Last November, county health officials confirmed that a Spring Hill teenager and his dog were scratched and bitten by a rabid raccoon and issued a public safety alert.
That incident turned out to be the sole case of rabies reported in all of 2012, according to the Hernando County Health Department's latest rabies report.
There were quite a few bites though.
In 2012, there were 505 animal bites, with the majority of them (371) from dogs. There were also 118 cat bites and 16 bites from animals in the "other" category, according to the report.
Besides the raccoon, those "other" animals included a flying squirrel, rat and wolf-dog hybrids.
Last year's animal bites matched up almost exactly with 2011, when there were 503 instances and the number of dog and cat bites was much the same ratio. However, raccoons accounted for seven bites that year and there were two bats, two foxes, one horse, one squirrel and a lemur.
There were only two confirmed rabies cases in 2011, and that occurred when a rabid fox bit an elderly couple in rural Hernando County.
Residents should not let that sole confirmed case of rabies in 2012 mislead them, said Kenn Lightfoot, an environmental specialist for the health department.
Often, animals disappear after biting people and it is not possible to trap it to determine if it had rabies.
"People who get bit should contact their primary care physician as soon as possible to get it checked out, to possibly obtain antibiotics and get a tetanus shot if they haven't had one for a while and completely fill out an animal bite report," Lightfoot said. "Time is of the essence. Rabies is fatal."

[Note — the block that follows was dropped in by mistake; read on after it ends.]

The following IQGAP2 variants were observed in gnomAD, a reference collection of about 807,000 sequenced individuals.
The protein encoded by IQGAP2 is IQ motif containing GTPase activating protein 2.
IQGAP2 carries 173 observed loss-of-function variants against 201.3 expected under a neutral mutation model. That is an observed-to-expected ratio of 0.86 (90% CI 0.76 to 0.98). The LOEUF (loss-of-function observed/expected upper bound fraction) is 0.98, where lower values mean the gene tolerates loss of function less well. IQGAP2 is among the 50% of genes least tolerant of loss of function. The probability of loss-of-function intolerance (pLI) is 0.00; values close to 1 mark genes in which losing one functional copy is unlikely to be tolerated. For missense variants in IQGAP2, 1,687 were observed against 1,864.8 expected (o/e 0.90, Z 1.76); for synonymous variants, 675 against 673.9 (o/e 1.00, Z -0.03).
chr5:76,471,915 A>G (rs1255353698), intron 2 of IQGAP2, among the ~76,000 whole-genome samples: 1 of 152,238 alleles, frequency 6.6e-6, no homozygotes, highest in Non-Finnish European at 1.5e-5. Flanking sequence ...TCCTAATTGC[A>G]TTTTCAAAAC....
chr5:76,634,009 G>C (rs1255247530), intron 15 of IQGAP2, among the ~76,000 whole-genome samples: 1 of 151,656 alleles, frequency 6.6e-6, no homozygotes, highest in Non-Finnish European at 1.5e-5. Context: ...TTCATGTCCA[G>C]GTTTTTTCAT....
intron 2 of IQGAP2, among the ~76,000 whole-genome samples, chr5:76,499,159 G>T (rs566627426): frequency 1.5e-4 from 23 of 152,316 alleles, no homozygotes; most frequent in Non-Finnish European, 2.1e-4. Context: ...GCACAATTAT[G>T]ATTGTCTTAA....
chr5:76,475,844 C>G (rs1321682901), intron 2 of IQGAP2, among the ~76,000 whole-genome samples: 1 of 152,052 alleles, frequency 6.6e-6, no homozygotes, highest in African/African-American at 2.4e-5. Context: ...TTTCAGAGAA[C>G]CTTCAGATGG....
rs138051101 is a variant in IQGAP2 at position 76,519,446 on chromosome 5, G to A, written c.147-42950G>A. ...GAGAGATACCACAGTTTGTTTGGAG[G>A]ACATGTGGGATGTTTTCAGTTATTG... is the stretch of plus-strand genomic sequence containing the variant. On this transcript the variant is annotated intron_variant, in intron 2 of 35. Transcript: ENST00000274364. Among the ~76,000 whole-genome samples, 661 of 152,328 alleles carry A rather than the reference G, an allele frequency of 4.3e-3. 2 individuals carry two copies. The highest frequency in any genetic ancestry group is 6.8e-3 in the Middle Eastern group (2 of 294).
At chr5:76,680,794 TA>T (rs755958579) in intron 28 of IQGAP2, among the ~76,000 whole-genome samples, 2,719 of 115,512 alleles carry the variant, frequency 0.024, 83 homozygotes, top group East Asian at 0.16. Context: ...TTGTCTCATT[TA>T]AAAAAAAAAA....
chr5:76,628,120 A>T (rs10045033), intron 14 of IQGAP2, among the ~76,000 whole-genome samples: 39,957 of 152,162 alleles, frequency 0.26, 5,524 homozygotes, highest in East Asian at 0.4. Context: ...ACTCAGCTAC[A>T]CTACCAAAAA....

Lightfoot said Hernando County has been successful in avoiding widespread rabies scares because of the health department's proactive education program and getting the word out.
Lightfoot said he can remember when Hernando County's total bites were around 200-250 per year. He attributes the rise to such factors as an increase in population and the rise in pets-per-household.
Foxes, raccoons, bats and skunks commonly carry the rabies virus. Animals with rabies may show strange behavior, according to the health department. They may be aggressive, attacking for no apparent reason, or act very tame. They may drool a lot due to difficulty swallowing. They also may stagger or become paralyzed.
Rabies is a contagious disease that can prove fatal if not treated, and about 85 percent of cases are causes by wild animals, according to the health department.
The health department recommends residents and visitors follow these guidelines:
In related news, Joanne Schoch, executive director of the Humane Society of the Nature Coast, will be proposing a new program during a town hall meeting next week that introduces the "Trap, Neuter, Release" system to Hernando County.
"It is a program where you capture feral cats, take them to the vet and get them spayed or neutered; they get a rabies shot and notch their ear so people can tell they've been treated," Schoch said.
"The goal is to establish feral colonies at appropriate locations, and you have caregivers (volunteers) who go there to make sure they have food and water," Schoch said. "A feral cat, if fed regularly, is not the danger to wildlife (or people)."
The program is managed successfully in other communities, and she plans to pitch the idea to county commissioners at an upcoming meeting.
The town hall meeting is at 6:30 p.m. Tuesday at the Palace Grand, 275 Della Court, Spring Hill.